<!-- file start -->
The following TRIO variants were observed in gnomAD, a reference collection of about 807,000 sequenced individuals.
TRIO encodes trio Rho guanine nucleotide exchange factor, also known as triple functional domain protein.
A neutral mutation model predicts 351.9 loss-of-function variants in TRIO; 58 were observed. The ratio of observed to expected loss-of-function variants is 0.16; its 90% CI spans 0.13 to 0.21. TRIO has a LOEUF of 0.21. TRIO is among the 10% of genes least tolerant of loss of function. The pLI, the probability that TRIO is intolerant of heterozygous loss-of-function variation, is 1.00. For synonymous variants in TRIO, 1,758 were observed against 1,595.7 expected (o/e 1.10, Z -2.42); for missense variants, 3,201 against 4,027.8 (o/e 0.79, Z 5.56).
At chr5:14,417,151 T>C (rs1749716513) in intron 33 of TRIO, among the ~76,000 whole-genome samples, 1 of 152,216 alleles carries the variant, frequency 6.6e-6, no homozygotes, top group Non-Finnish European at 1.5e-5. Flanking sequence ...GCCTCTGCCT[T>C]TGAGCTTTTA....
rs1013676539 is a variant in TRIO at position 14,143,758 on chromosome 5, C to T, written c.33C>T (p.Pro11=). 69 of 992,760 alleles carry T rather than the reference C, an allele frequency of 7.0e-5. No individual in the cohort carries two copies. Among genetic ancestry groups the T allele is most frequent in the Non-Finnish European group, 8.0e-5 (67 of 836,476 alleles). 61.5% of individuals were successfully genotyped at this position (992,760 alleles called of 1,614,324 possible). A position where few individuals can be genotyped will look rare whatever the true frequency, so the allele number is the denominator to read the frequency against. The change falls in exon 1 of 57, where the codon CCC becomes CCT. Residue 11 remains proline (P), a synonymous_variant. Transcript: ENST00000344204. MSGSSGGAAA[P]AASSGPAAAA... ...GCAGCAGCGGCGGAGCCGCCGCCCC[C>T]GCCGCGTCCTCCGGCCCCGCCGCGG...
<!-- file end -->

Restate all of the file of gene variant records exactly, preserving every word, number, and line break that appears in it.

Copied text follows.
The following TRIO variants were observed in gnomAD, a reference collection of about 807,000 sequenced individuals.
TRIO encodes trio Rho guanine nucleotide exchange factor, also known as triple functional domain protein.
A neutral mutation model predicts 351.9 loss-of-function variants in TRIO; 58 were observed. The ratio of observed to expected loss-of-function variants is 0.16; its 90% CI spans 0.13 to 0.21. TRIO has a LOEUF of 0.21. TRIO is among the 10% of genes least tolerant of loss of function. The pLI, the probability that TRIO is intolerant of heterozygous loss-of-function variation, is 1.00. For synonymous variants in TRIO, 1,758 were observed against 1,595.7 expected (o/e 1.10, Z -2.42); for missense variants, 3,201 against 4,027.8 (o/e 0.79, Z 5.56).
At chr5:14,417,151 T>C (rs1749716513) in intron 33 of TRIO, among the ~76,000 whole-genome samples, 1 of 152,216 alleles carries the variant, frequency 6.6e-6, no homozygotes, top group Non-Finnish European at 1.5e-5. Flanking sequence ...GCCTCTGCCT[T>C]TGAGCTTTTA....
rs1013676539 is a variant in TRIO at position 14,143,758 on chromosome 5, C to T, written c.33C>T (p.Pro11=). 69 of 992,760 alleles carry T rather than the reference C, an allele frequency of 7.0e-5. No individual in the cohort carries two copies. Among genetic ancestry groups the T allele is most frequent in the Non-Finnish European group, 8.0e-5 (67 of 836,476 alleles). 61.5% of individuals were successfully genotyped at this position (992,760 alleles called of 1,614,324 possible). A position where few individuals can be genotyped will look rare whatever the true frequency, so the allele number is the denominator to read the frequency against. The change falls in exon 1 of 57, where the codon CCC becomes CCT. Residue 11 remains proline (P), a synonymous_variant. Transcript: ENST00000344204. MSGSSGGAAA[P]AASSGPAAAA... ...GCAGCAGCGGCGGAGCCGCCGCCCC[C>T]GCCGCGTCCTCCGGCCCCGCCGCGG...